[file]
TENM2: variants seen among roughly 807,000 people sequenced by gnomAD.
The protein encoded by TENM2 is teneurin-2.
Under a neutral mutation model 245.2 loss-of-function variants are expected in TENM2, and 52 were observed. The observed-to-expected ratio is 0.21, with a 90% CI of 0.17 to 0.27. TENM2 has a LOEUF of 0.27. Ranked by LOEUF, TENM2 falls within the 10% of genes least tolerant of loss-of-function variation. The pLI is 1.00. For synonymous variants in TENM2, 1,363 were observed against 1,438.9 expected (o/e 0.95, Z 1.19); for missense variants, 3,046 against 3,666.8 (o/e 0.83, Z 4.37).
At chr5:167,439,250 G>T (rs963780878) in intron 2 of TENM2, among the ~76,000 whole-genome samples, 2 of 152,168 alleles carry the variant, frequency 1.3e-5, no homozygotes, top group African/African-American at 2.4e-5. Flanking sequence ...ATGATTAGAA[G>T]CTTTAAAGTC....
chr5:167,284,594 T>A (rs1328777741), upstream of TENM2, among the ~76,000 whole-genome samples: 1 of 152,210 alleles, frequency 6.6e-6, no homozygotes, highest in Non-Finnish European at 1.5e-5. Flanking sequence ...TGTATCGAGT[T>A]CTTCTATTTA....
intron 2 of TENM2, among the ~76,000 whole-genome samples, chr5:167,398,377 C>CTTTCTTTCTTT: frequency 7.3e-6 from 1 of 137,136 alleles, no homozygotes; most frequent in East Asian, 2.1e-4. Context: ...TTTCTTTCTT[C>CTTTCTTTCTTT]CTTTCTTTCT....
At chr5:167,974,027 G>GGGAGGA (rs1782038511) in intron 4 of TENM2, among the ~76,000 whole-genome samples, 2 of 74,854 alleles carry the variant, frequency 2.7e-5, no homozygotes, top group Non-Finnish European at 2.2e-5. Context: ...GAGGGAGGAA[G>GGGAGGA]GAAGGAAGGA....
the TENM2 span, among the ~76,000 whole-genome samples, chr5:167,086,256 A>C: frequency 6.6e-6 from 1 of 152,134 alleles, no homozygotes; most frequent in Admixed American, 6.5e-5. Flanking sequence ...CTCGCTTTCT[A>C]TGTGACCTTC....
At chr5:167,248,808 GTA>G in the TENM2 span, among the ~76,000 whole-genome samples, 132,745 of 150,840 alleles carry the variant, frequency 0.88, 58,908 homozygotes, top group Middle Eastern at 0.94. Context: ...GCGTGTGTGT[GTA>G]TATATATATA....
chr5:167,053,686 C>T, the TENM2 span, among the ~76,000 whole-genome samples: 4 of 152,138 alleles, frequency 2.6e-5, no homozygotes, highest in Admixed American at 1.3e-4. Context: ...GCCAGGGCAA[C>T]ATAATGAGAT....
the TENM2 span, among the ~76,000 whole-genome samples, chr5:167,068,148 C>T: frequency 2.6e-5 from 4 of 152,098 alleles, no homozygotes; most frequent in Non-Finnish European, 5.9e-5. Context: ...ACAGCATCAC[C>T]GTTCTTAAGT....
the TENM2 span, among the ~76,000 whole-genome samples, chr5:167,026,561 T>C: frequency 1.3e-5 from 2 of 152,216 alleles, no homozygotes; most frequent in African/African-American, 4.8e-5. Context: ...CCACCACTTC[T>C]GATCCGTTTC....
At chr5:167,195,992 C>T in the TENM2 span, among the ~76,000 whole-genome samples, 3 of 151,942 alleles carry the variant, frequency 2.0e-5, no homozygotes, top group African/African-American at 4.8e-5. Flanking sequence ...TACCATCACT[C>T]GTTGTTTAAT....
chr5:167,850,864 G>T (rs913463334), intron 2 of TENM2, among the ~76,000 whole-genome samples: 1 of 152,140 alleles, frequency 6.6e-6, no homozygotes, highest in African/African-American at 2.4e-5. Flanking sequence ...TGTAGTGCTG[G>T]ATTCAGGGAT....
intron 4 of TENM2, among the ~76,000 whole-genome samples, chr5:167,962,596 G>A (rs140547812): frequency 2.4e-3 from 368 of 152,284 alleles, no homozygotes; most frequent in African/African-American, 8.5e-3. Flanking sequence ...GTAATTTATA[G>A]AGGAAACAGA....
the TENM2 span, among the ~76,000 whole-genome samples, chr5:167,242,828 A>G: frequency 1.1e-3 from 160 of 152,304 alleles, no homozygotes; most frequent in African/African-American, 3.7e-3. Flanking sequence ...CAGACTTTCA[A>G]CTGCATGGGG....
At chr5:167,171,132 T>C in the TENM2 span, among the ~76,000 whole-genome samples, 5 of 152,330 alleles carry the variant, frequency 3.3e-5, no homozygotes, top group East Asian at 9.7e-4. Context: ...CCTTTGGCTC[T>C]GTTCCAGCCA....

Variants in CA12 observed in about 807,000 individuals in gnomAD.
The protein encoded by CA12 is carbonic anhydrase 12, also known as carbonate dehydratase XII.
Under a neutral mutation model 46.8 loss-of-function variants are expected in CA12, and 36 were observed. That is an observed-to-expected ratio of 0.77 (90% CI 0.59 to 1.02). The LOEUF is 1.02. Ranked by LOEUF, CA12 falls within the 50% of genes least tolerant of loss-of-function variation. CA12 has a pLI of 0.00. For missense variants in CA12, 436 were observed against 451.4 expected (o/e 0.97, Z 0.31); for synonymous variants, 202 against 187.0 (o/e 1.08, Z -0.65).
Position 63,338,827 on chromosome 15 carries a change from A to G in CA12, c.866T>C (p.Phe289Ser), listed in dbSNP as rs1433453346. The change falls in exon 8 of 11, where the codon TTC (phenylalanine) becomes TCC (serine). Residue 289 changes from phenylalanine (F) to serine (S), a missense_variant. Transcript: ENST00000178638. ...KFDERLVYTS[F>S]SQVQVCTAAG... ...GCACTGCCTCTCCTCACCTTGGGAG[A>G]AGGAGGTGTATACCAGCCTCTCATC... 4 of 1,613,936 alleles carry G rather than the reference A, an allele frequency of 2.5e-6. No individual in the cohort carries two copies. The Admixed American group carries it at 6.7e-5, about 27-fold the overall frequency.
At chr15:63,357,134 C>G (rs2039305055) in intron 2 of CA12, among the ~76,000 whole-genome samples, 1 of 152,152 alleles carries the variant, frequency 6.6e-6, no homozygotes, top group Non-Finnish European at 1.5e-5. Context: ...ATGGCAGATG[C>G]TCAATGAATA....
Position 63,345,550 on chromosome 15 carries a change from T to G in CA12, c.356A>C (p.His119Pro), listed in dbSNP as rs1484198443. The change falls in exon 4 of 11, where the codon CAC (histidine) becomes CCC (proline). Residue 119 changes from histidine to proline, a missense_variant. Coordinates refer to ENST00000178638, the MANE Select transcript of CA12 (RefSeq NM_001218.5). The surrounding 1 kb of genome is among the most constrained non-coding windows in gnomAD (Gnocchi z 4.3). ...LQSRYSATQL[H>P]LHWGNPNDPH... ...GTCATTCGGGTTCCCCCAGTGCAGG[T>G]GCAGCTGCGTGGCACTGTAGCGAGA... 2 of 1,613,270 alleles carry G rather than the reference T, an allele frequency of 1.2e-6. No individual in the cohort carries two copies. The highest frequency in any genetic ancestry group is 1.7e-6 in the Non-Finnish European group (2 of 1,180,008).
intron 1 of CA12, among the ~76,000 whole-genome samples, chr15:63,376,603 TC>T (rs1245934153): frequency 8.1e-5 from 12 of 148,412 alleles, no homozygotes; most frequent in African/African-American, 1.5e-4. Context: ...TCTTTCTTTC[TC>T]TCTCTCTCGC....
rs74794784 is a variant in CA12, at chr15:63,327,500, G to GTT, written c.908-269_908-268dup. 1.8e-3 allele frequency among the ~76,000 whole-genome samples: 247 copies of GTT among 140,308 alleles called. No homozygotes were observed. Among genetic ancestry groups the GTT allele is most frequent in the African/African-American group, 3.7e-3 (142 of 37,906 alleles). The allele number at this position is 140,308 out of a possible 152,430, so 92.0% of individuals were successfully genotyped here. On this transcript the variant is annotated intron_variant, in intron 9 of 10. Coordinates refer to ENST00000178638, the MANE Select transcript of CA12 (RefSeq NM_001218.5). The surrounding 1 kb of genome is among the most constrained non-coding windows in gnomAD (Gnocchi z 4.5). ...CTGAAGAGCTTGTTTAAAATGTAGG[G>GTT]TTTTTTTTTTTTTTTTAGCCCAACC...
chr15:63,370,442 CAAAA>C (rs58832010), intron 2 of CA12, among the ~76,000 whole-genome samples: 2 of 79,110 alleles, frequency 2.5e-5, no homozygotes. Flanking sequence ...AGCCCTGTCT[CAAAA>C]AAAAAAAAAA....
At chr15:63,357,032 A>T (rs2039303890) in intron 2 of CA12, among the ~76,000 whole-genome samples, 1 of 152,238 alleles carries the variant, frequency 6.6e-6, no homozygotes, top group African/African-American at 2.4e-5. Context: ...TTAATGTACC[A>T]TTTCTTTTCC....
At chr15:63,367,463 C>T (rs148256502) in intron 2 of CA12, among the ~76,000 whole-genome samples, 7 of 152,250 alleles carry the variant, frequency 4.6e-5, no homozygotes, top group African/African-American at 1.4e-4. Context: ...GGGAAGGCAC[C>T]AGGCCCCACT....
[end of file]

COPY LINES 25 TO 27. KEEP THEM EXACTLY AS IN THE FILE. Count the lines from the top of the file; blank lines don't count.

rs74794784 is a variant in CA12, at chr15:63,327,500, G to GTT, written c.908-269_908-268dup. 1.8e-3 allele frequency among the ~76,000 whole-genome samples: 247 copies of GTT among 140,308 alleles called. No homozygotes were observed. Among genetic ancestry groups the GTT allele is most frequent in the African/African-American group, 3.7e-3 (142 of 37,906 alleles). The allele number at this position is 140,308 out of a possible 152,430, so 92.0% of individuals were successfully genotyped here. On this transcript the variant is annotated intron_variant, in intron 9 of 10. Coordinates refer to ENST00000178638, the MANE Select transcript of CA12 (RefSeq NM_001218.5). The surrounding 1 kb of genome is among the most constrained non-coding windows in gnomAD (Gnocchi z 4.5). ...CTGAAGAGCTTGTTTAAAATGTAGG[G>GTT]TTTTTTTTTTTTTTTTAGCCCAACC...
chr15:63,370,442 CAAAA>C (rs58832010), intron 2 of CA12, among the ~76,000 whole-genome samples: 2 of 79,110 alleles, frequency 2.5e-5, no homozygotes. Flanking sequence ...AGCCCTGTCT[CAAAA>C]AAAAAAAAAA....
At chr15:63,357,032 A>T (rs2039303890) in intron 2 of CA12, among the ~76,000 whole-genome samples, 1 of 152,238 alleles carries the variant, frequency 6.6e-6, no homozygotes, top group African/African-American at 2.4e-5. Context: ...TTAATGTACC[A>T]TTTCTTTTCC....